What inspires you about old films?
I guess it's just a feeling. There's something so romantic and beautiful about them, and I'm always amazed at how the stories are so much more complicated and interesting and the characters so much more layered than in films today. And I find the writing kind of amazing.

It's the people that blow me away. I always feel like actors today are under more pressure to be versatile.
And it all has to be so raw and real.

There's something incredibly brave about the way acting was done in the early days of movie-making. There's a kind of grace to it, and there's almost a limit to how loud or explosive or sweaty it can be. A certain energy comes off acting like that.
I've always been amazed by the beauty of it. If there's anything I really get lost in, it's photography and the way everyone was like.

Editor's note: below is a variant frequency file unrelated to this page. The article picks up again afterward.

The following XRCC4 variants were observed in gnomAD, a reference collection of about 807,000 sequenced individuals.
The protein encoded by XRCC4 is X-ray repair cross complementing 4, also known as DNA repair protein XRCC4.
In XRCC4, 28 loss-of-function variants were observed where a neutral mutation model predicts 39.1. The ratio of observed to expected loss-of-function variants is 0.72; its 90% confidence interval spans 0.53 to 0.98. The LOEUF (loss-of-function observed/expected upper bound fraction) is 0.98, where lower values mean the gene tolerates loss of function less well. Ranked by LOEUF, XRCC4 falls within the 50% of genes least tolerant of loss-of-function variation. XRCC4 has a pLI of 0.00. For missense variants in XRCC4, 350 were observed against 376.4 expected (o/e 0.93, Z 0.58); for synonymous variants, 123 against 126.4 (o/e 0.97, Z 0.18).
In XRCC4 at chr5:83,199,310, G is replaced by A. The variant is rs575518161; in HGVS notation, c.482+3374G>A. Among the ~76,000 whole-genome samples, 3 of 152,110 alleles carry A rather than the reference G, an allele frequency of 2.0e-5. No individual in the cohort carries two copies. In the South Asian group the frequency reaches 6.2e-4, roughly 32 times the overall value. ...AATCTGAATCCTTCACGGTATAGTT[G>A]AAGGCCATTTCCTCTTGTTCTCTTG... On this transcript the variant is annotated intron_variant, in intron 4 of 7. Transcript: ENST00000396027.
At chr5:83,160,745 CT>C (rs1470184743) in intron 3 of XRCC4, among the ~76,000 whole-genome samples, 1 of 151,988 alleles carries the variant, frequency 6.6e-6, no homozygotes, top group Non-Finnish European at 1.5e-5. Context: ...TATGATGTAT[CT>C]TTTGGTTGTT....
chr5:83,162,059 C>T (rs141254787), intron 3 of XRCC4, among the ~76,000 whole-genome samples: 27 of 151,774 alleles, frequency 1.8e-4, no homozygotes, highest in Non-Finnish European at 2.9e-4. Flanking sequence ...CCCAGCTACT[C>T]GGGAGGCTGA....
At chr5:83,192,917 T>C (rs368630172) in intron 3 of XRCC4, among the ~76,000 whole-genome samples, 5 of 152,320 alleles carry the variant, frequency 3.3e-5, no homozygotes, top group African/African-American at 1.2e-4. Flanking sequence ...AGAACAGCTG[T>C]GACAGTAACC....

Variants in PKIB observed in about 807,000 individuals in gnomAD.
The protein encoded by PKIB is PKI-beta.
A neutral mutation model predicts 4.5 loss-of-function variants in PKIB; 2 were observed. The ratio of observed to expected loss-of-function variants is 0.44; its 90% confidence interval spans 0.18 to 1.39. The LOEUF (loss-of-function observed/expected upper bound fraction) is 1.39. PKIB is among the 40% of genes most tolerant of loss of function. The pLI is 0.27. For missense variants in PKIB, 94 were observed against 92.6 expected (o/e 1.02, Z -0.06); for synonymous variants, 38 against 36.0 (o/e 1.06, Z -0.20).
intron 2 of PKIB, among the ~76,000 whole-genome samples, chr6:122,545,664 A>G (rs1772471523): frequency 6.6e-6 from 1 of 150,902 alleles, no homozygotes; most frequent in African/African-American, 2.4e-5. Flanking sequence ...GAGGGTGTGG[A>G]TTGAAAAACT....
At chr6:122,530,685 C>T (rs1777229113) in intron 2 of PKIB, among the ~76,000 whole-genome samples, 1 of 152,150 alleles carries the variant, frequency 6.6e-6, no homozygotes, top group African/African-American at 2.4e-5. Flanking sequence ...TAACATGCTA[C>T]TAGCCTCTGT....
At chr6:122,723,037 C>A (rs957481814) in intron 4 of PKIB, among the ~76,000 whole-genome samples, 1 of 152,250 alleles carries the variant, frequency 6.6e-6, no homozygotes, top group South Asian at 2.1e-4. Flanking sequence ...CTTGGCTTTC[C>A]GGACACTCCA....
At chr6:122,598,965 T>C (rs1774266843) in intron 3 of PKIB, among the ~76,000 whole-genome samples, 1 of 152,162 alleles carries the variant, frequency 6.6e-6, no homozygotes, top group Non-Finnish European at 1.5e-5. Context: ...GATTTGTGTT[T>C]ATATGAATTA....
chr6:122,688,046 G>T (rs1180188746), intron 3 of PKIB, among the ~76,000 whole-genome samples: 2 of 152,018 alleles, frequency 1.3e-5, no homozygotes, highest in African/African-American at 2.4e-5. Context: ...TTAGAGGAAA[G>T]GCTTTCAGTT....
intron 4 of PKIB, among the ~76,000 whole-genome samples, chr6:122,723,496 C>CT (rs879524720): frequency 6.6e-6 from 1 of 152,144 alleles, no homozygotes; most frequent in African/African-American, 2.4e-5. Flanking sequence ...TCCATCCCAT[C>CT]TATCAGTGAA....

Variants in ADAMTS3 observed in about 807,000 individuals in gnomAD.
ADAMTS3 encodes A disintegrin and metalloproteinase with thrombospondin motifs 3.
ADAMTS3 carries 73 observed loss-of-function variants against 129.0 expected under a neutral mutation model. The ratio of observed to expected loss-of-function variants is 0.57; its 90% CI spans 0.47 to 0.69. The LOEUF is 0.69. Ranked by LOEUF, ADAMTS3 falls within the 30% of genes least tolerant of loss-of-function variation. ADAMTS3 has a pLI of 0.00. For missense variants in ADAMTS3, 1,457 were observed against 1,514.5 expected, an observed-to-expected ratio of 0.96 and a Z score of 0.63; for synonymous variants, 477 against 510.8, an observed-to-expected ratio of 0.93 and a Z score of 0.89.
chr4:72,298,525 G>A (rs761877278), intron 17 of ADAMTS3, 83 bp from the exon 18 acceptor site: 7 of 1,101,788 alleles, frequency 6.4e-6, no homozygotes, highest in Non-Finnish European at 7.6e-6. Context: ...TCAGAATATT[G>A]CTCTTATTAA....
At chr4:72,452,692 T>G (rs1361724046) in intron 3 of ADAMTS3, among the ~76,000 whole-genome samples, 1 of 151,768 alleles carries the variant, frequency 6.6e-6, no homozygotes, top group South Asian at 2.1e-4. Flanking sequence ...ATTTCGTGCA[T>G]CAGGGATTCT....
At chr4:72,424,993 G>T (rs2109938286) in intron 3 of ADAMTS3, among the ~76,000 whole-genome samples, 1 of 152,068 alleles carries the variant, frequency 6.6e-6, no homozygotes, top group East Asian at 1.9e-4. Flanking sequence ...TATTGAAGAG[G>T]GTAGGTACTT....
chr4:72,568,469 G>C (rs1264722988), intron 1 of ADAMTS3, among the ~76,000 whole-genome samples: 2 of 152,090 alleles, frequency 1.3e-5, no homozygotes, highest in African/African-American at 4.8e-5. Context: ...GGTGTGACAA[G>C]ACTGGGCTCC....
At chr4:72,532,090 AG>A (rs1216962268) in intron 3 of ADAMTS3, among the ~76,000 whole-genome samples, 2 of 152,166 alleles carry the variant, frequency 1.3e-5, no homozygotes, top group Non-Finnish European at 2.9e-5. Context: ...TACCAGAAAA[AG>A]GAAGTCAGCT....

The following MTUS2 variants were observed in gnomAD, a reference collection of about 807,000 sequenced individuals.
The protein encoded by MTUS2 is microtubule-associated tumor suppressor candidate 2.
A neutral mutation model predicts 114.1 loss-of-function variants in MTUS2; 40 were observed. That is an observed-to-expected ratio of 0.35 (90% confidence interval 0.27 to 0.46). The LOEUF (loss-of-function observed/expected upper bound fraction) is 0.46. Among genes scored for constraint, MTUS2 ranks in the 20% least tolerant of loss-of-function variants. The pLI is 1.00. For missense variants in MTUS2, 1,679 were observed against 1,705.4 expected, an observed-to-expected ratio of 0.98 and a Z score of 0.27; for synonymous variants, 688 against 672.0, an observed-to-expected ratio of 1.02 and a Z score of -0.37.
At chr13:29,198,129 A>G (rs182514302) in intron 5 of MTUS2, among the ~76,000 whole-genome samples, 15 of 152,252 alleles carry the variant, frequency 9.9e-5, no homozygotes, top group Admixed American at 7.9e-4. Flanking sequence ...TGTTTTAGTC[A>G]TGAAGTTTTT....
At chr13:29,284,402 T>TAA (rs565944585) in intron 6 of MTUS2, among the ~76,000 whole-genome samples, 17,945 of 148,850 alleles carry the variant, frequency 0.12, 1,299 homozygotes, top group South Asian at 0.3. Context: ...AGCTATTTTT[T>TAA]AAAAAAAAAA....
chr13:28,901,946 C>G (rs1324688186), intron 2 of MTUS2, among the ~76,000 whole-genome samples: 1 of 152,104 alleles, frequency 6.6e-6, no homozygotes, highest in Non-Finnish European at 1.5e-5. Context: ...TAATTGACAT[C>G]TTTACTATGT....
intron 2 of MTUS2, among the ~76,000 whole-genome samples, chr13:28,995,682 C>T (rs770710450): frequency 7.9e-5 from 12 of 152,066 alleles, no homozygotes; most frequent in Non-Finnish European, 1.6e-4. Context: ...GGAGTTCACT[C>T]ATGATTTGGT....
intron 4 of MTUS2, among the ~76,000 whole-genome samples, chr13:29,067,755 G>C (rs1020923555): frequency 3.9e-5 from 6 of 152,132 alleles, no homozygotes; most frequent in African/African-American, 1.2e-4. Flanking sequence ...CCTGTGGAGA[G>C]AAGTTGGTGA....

Yes, there's a kind of high theatricality, whereas the first priority of modern filmmaking is a kind of naturalism - it has to feel real.
Also it feels like the actors were more trained in voice and drama and dance, you know?

Well, I think the truth is they came from all places, just as they do today, but I think the pressures were different. Like, I don't think Jimmy Stewart was ever made to feel bad for being Jimmy Stewart. I don't think he went to sleep asking himself, Why can't I be Errol Flynn? This is moving toward one of the things that your work represents for me, which is a kind of grace associated with another era.
Oh, thank you!